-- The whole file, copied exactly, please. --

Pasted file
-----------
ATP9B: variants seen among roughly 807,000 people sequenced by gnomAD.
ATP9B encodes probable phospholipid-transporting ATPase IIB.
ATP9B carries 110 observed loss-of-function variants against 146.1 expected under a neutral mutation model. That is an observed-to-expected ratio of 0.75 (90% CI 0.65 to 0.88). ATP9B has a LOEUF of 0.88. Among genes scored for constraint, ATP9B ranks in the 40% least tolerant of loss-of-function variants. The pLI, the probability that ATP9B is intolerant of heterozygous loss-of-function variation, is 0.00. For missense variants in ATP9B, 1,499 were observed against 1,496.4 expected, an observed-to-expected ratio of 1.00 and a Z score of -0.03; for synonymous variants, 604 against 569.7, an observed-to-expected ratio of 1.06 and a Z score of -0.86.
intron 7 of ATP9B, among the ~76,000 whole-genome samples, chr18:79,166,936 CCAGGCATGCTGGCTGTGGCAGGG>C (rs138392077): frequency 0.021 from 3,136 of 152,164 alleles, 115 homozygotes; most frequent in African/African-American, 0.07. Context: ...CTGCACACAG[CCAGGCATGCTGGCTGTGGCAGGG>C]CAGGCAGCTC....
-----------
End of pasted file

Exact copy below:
ATP9B: variants seen among roughly 807,000 people sequenced by gnomAD.
ATP9B encodes probable phospholipid-transporting ATPase IIB.
ATP9B carries 110 observed loss-of-function variants against 146.1 expected under a neutral mutation model. That is an observed-to-expected ratio of 0.75 (90% CI 0.65 to 0.88). ATP9B has a LOEUF of 0.88. Among genes scored for constraint, ATP9B ranks in the 40% least tolerant of loss-of-function variants. The pLI, the probability that ATP9B is intolerant of heterozygous loss-of-function variation, is 0.00. For missense variants in ATP9B, 1,499 were observed against 1,496.4 expected, an observed-to-expected ratio of 1.00 and a Z score of -0.03; for synonymous variants, 604 against 569.7, an observed-to-expected ratio of 1.06 and a Z score of -0.86.
intron 7 of ATP9B, among the ~76,000 whole-genome samples, chr18:79,166,936 CCAGGCATGCTGGCTGTGGCAGGG>C (rs138392077): frequency 0.021 from 3,136 of 152,164 alleles, 115 homozygotes; most frequent in African/African-American, 0.07. Context: ...CTGCACACAG[CCAGGCATGCTGGCTGTGGCAGGG>C]CAGGCAGCTC....